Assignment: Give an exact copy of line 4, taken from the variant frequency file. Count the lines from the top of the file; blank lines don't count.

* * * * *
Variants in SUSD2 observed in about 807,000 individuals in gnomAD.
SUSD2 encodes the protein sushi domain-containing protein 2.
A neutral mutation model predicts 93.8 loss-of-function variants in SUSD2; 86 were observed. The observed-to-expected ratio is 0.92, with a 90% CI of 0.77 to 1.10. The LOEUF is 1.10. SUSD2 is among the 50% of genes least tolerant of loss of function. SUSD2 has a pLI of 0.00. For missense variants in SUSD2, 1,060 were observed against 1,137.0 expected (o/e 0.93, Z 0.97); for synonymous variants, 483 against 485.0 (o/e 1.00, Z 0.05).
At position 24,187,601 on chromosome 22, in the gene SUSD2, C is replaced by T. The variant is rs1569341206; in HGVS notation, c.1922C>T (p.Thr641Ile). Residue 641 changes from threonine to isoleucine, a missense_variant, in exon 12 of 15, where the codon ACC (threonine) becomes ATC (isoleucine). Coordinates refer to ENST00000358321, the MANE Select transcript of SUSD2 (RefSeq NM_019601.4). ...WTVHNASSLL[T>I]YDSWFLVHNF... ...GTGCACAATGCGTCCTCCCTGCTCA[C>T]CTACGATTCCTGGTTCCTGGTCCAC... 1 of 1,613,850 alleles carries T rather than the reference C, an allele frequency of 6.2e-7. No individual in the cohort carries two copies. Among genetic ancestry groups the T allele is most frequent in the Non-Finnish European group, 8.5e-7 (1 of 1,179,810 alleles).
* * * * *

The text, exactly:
At position 24,187,601 on chromosome 22, in the gene SUSD2, C is replaced by T. The variant is rs1569341206; in HGVS notation, c.1922C>T (p.Thr641Ile). Residue 641 changes from threonine to isoleucine, a missense_variant, in exon 12 of 15, where the codon ACC (threonine) becomes ATC (isoleucine). Coordinates refer to ENST00000358321, the MANE Select transcript of SUSD2 (RefSeq NM_019601.4). ...WTVHNASSLL[T>I]YDSWFLVHNF... ...GTGCACAATGCGTCCTCCCTGCTCA[C>T]CTACGATTCCTGGTTCCTGGTCCAC... 1 of 1,613,850 alleles carries T rather than the reference C, an allele frequency of 6.2e-7. No individual in the cohort carries two copies. Among genetic ancestry groups the T allele is most frequent in the Non-Finnish European group, 8.5e-7 (1 of 1,179,810 alleles).